In 1989, I began consulting for a number of companies in the infomercial industry. I had a fairly extensive background in both direct response marketing and the entertainment industry. Both were very essential elements utilized in my new consulting role. I immersed myself in every aspect of the business—from show creation to creating product, telemarketing scripts, back-end programs, and additional marketing avenues. This early information that I learned was essential in my education. But it wasn’t until I created my own product (a perfume called Curiosity) produced my own infomercial, purchased the media time, and created my own back-end marketing programs that I really learned all aspects of the business from the trenches.

The following report is a compilation of what I learned from my hands-on experience,and the experience of others in the business who shared their startling insights with me confidentially. You’ll notice I don’t talk about any of their actual campaigns, just the lessons learned.

This report contains the most important information I’ve learned over the past 15 years in this business. It’s never been printed in any book, report, or literature previously. In fact, fewer than 10 people in the world probably know it. This isn’t an exaggeration. When I printed this information in the final issue of The Infomercial Marketing Report, the most successful company in the industry, The Guthy-Renker Corporation, made this mandatory reading for all of their employees. Everything in this report is based solely on what has been proven to work in the real world. Companies have literally spent millions of dollars discovering the secrets I lay before you. Properly applied, this inside information will be a gold mine to your marketing efforts.

Steven Dworman


These networks are such an incredible testing ground. For example,companies that present a product in multiple appearances during just one weekend can often double or triple their sales from their first to their last appearance simply by paying careful attention to the sales impact of specific on-air comments and then incorporating more of these revenue generating claims and statements.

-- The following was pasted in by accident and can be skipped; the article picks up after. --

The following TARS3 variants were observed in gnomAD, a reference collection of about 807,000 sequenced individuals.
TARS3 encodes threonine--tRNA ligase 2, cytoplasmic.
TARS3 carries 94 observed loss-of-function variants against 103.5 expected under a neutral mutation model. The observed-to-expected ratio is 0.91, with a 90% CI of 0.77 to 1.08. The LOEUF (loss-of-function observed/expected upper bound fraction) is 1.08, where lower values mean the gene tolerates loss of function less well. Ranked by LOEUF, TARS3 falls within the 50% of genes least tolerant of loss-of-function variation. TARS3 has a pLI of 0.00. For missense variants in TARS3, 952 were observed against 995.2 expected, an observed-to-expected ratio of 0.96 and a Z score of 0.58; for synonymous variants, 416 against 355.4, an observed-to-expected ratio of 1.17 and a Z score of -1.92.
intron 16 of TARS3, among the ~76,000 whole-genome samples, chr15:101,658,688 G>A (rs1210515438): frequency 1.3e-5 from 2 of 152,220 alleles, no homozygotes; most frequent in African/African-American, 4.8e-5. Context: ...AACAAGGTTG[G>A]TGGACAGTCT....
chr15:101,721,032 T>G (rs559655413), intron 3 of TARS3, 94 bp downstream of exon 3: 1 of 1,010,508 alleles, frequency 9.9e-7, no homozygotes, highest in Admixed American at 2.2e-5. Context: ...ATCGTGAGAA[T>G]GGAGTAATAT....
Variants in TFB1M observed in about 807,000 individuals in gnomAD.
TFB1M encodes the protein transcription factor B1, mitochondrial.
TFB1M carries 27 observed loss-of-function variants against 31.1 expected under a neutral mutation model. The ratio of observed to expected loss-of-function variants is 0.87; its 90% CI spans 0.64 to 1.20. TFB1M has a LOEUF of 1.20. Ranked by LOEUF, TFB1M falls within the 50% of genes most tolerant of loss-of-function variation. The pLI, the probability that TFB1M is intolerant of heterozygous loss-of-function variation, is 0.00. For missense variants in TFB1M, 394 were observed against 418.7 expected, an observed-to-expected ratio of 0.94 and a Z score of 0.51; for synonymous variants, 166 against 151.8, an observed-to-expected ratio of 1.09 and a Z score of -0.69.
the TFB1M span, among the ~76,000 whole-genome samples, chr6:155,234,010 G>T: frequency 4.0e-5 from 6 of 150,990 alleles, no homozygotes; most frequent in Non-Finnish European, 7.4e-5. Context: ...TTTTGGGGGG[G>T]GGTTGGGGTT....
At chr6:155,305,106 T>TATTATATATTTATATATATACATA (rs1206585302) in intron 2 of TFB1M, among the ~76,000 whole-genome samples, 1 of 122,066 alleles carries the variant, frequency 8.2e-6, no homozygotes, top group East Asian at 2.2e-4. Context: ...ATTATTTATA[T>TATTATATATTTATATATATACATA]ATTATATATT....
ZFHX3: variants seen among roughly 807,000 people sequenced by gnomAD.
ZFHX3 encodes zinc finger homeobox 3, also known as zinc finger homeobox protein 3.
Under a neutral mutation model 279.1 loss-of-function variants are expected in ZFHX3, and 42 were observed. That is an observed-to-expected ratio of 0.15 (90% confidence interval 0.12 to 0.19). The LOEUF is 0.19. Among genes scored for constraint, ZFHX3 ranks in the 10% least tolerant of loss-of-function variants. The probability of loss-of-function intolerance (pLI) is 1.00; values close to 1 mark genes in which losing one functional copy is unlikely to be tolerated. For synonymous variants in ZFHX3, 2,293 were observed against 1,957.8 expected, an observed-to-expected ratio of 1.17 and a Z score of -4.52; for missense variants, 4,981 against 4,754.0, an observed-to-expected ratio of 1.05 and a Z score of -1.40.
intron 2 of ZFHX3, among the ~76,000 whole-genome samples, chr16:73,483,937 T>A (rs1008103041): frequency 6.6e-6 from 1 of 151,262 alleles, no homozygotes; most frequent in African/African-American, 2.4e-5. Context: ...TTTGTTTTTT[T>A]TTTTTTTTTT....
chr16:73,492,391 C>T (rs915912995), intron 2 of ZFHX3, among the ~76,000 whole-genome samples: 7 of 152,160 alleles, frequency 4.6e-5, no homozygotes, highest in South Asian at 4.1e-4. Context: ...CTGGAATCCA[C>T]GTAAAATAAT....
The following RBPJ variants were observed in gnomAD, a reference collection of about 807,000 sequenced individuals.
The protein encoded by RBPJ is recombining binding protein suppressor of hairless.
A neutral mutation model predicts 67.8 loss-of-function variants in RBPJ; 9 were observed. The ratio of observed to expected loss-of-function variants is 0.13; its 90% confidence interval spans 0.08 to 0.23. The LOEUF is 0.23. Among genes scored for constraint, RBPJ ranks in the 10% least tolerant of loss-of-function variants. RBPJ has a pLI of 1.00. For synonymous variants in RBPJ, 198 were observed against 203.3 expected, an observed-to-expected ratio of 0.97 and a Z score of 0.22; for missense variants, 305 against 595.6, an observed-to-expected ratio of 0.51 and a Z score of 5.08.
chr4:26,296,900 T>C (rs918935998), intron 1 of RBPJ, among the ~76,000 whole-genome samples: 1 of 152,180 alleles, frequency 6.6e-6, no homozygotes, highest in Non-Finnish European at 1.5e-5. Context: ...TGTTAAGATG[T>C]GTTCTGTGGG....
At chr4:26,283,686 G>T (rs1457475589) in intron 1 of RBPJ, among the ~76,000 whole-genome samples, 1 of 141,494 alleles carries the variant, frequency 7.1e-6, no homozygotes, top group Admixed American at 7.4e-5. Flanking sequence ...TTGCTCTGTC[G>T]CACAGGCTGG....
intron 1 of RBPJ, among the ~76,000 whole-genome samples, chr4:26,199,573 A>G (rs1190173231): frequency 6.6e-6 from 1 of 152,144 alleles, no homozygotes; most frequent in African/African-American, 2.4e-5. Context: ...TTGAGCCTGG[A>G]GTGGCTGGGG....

At one of my seminars, Joe Sugarman told a story about a print ad for a watch that he ran in The Wall Street Journal. The ad pulled in a lot of business, but the watch manufacturer was upset that the ad didn’t feature the eight other models in which the watch was available (e.g.,children’s styles, woman’s styles, different colors). To placate the manufacturer, Joe created a new multiple selection ad and ran it and his original ad as an A-B split in The Wall Street Journal. The new multiple selection ad achieved a response rate that was only one-third that of Joe’s first ad. Anytime you try to sell more than one product in a single ad, you dissipate the emotional intensity you’ve carefully built up for the main product. The only exception I’ve seen to this rule was a brilliant 30-minute show created and produced by Eric Stilson. With a male and female host showcasing four or five various new products, the show was designed to identify which product—if any—might generate ahigh enough response rate to justify its own infomercial.As a benchmark,Stilson inserted into the newshow a successful direct response ad that he had run repeatedly during the previous year.By comparingthe new products’sales performance against the known commodity’s results,Stilson was able to identifyone of his most successful products ever…a product he didn’t think had a chance in hell before testing.









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